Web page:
Dynamic multi-pass test

Constant test conditions are not realistic

RT Filtertechnik as a specialist for filtration in mobile applications determined at a very early stage in cooperation with our customers of mobile hydraulic systems that the common procedures used today to determine the capacity of hydraulic filters only provide limited information in terms of real applications in excavators, wheel loaders or other mobile machines. The standardised test procedures for determining the performance data of a filter element are for making it easier for the end consumer to compare the filter elements.

RT Filtertechnik GmbH naturally also tests your filters according to the standard but has also developed a large number of customer-specific test scenarios. At the beginning, they were still tested in the field. Since 2008, they have also been simulated in RT's own test facility.

Hydraulic systems are usually filtered in the return line and, for mobile work machines, in the tank, due to the space conditions. On mobile work machines, all flow rates of the cylinders of the booms, dredger buckets, pushing shovels and other accessory equipment are bundled at this point by the rotor drive and possibly also by the drive system. There are no constant flow rate conditions at the filter element, as the amount of oil that is pumped in the individual circuits differs, due to the valve connections of the individual circuits. The following diagram clearly shows that the flow rate at the filter element is anything but constant.

Common test procedures do not cover this issue, however. In addition, the end consumer is given false information, as the filter media usually separate better at a constant flow rate that under dynamic load.

Normally, particles can be separated in the filter element, which are smaller than the pores in the filter material. This is done via what are called van der Waals forces. However, under dynamic load, these forces are frequently not sufficient to retain the particles, which are transferred back into the system.

For this reason, the HLCT (Hydraulic Load Cycle Test) procedure has been developed by RT Filtertechnik in Kromsdorf over the past years and a unique test bench has been set up for this purpose. The test bench can be used to simulate load profiles from any type of application that are applied to the filter.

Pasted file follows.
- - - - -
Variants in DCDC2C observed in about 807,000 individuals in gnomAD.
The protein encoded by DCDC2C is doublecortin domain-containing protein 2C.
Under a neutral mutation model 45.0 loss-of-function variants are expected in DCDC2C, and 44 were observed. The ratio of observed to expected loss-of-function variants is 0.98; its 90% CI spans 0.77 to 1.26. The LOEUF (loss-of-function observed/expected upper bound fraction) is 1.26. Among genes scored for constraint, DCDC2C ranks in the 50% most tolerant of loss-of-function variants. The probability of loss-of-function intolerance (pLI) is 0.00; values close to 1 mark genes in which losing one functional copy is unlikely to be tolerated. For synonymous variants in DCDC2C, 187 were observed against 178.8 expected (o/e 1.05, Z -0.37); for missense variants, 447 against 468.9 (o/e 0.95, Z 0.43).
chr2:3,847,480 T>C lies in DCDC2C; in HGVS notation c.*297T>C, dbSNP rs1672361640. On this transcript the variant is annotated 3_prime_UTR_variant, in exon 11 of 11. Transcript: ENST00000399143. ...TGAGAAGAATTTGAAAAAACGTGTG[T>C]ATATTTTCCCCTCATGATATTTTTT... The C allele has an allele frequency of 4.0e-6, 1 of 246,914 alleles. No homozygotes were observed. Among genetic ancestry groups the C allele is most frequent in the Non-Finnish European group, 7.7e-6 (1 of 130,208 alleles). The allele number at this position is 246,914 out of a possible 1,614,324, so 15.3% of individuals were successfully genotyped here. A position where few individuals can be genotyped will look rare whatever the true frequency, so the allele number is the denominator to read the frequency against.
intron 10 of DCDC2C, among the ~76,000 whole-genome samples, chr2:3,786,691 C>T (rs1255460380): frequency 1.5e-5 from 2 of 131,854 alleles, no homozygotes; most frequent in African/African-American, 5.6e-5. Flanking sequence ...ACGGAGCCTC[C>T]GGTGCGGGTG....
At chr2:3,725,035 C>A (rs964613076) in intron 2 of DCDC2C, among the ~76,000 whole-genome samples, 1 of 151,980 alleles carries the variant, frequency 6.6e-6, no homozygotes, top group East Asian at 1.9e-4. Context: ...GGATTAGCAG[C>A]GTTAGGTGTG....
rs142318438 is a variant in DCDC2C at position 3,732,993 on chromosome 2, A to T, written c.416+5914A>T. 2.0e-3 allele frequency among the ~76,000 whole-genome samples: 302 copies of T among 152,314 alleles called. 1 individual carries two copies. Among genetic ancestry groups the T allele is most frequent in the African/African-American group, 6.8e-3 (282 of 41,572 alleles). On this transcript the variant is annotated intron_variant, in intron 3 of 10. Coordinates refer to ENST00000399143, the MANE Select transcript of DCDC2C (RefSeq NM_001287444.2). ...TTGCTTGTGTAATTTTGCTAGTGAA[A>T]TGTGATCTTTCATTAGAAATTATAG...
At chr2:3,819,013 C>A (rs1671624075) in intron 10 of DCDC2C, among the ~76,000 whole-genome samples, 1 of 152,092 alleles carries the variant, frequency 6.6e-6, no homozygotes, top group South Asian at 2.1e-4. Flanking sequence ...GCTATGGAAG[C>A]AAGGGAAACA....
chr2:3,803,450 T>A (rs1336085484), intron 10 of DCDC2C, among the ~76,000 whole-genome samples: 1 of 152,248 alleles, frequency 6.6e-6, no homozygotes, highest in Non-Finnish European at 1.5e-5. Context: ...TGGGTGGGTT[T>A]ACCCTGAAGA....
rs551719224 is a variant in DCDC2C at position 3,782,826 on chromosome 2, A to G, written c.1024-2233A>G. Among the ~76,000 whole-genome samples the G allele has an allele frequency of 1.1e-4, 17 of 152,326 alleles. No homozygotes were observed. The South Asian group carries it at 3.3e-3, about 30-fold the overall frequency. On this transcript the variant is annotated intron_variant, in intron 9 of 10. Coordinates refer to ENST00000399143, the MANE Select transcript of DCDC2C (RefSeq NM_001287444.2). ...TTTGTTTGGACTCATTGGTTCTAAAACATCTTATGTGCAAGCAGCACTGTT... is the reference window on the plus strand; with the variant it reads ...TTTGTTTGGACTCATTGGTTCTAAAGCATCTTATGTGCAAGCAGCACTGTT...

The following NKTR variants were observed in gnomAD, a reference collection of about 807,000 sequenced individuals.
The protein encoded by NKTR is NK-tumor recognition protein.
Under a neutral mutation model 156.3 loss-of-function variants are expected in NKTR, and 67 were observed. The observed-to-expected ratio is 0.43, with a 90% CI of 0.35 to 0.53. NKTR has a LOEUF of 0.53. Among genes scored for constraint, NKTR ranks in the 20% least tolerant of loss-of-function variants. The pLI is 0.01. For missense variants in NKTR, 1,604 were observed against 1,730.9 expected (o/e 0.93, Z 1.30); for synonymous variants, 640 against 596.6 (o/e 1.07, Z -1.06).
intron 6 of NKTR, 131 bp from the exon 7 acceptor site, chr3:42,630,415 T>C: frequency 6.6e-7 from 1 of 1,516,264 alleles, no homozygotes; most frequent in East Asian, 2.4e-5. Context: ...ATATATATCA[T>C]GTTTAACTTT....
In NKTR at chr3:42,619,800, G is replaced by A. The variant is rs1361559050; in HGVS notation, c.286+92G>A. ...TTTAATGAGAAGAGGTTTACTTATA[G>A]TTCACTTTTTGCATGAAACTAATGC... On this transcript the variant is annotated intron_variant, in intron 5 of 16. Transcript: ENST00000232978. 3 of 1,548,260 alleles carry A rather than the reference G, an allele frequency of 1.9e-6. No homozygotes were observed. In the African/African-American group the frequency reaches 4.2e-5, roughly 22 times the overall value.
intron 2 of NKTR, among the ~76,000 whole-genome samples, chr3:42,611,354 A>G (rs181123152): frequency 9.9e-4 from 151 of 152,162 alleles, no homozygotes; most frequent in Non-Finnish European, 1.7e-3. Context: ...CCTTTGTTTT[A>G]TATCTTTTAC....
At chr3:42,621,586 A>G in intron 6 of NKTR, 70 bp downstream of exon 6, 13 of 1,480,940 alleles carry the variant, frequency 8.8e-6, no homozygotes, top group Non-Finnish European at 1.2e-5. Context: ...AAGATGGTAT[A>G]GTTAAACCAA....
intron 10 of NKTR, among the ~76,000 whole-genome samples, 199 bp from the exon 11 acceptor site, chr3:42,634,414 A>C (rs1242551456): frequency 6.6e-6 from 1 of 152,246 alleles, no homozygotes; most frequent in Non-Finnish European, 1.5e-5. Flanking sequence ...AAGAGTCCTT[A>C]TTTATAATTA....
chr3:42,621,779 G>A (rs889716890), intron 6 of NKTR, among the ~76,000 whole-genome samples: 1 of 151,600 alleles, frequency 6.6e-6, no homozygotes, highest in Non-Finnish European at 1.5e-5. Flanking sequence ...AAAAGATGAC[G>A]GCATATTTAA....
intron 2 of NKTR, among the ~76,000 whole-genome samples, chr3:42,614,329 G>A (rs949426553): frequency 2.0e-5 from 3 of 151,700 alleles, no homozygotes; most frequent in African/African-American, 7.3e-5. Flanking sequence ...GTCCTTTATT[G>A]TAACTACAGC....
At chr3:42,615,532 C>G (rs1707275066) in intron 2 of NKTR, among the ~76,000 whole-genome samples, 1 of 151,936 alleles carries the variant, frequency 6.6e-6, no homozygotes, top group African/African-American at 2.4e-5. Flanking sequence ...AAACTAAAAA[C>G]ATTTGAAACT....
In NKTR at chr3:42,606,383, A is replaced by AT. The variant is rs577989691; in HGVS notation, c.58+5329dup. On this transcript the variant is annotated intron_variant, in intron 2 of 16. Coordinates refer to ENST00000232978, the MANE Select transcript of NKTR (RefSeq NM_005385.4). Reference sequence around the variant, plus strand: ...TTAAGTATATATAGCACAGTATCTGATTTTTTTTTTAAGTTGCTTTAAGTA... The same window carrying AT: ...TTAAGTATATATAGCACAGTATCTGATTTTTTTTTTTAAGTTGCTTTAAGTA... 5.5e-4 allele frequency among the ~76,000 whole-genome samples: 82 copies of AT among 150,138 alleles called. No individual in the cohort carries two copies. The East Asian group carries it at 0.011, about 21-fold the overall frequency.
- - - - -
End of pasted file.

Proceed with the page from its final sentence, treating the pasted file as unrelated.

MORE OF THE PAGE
Typical load profiles:

The analyses revealed that the load profiles from the machines can be split up into 4 main categories

Symmetrically distributed load profile with:

B: identical rise time of positive and negative flow rate ramp
C: shorter rise time of positive flow rate ramp compared to negative flow rate ramp
D: longer rise time of positive flow rate ramp compared to negative flow rate ramp
E: identical rise time of positive and negative flow rate ramps and high repeat rate

The test bench:

The test bench is generally designed in such a way that it passes static multi-pass tests as per ISO 16889 between 30 and 740 l/min. A 2-circuit system was installed for this purpose. The first circuit can be operated between 30 and 150 l/min and the second circuit between 120 and 750 l/min. Dynamic cycles can also be applied to both circuits. Changes in volumetric flow from minimum flow rate to maximum flow rate are possible with up to 4 Hz.

In addition, a dynamic cycle can be recorded directly from the field test and entered at the test bench control. The evaluation of the results is based on the withdrawn standard for dynamic multi-pass tests, formerly ISO 23369.

Test procedure

The boundary conditions such as temperatures, flow rates and ramp times must be entered in the first (example here: wheel loader). They can either be provided by our customers or they are measured during common field tests.

A load profile recorded over a specific period is applied to select a representative machine working cycle (cycle that is repeated constantly during normal operation). Then, it is abstracted to program the test bench.


If test contamination is now applied to the filter no longer under constant flow rate conditions, but instead in realistic, changing conditions, the differences between the filter design and the quality of separation are revealed much more clearly. Note that the higher the β value, the poorer the filtration.

The following diagram shows how the different load profiles affect the separation capacity: